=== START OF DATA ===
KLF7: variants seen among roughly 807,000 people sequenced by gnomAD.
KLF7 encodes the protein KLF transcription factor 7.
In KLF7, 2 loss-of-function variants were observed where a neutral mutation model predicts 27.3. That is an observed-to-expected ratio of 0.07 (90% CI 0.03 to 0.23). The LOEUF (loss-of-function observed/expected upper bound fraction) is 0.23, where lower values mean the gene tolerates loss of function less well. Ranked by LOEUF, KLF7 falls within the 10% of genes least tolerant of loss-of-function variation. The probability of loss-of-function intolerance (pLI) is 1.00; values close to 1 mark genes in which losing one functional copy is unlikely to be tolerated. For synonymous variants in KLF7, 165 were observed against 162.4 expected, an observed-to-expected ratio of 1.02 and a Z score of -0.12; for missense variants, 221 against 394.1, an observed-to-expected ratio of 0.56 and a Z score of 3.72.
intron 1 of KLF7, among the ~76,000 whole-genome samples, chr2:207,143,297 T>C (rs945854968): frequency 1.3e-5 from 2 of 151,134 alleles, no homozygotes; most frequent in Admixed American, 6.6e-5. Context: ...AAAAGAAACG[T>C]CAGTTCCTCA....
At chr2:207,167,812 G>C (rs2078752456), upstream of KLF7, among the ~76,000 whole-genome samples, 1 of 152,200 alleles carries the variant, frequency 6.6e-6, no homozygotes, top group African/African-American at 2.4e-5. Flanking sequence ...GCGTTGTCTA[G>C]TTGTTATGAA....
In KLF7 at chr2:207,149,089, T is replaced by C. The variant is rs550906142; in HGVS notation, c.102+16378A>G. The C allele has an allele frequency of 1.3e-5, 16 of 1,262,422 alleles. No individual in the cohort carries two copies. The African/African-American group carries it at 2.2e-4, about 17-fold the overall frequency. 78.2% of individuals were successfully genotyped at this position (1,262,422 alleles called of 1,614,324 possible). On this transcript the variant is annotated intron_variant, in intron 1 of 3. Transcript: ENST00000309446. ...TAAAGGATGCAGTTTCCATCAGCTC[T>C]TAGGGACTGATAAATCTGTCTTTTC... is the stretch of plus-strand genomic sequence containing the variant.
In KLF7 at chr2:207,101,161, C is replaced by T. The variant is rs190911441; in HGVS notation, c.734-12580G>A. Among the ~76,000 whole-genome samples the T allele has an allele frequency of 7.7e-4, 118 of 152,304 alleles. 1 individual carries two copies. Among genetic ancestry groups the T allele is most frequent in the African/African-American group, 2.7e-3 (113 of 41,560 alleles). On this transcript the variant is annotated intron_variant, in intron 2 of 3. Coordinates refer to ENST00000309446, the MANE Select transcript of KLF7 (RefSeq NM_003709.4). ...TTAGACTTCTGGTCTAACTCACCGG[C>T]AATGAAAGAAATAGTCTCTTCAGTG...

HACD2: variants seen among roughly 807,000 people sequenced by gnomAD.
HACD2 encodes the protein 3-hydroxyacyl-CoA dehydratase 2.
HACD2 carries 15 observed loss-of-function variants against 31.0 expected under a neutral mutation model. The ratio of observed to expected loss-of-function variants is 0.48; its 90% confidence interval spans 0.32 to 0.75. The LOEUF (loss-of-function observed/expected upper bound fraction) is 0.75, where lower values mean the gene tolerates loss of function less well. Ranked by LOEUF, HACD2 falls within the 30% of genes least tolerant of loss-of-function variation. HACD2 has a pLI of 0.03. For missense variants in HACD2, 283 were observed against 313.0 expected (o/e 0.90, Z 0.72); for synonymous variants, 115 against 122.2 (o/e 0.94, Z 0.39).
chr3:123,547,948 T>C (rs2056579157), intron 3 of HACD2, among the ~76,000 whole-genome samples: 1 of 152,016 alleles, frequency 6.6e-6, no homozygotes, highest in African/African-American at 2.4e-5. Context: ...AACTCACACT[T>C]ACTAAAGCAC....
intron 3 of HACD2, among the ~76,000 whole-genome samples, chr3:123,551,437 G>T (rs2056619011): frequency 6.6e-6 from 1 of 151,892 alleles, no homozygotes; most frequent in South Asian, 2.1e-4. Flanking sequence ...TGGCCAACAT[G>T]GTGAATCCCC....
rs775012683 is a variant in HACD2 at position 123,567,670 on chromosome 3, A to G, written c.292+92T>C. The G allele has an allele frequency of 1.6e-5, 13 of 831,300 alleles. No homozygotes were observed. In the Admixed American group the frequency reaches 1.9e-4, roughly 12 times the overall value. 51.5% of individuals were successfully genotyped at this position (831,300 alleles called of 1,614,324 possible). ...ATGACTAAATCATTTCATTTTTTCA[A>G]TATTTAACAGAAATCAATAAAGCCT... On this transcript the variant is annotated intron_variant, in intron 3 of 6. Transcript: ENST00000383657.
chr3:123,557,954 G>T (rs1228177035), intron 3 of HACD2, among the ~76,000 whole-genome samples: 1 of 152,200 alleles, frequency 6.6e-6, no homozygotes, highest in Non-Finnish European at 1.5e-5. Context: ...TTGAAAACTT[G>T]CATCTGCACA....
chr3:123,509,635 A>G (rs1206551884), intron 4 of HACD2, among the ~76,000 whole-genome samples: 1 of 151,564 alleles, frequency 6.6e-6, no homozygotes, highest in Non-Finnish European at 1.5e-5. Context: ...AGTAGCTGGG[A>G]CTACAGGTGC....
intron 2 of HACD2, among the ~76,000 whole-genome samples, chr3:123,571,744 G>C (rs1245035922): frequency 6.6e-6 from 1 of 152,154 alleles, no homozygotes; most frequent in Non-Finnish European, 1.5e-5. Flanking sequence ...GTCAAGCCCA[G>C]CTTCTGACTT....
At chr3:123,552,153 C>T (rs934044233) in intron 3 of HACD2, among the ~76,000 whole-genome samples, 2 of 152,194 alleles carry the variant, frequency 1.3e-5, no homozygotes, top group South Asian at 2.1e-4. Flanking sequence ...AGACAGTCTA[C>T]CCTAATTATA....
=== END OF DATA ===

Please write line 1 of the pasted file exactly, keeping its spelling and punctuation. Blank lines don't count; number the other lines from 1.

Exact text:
KLF7: variants seen among roughly 807,000 people sequenced by gnomAD.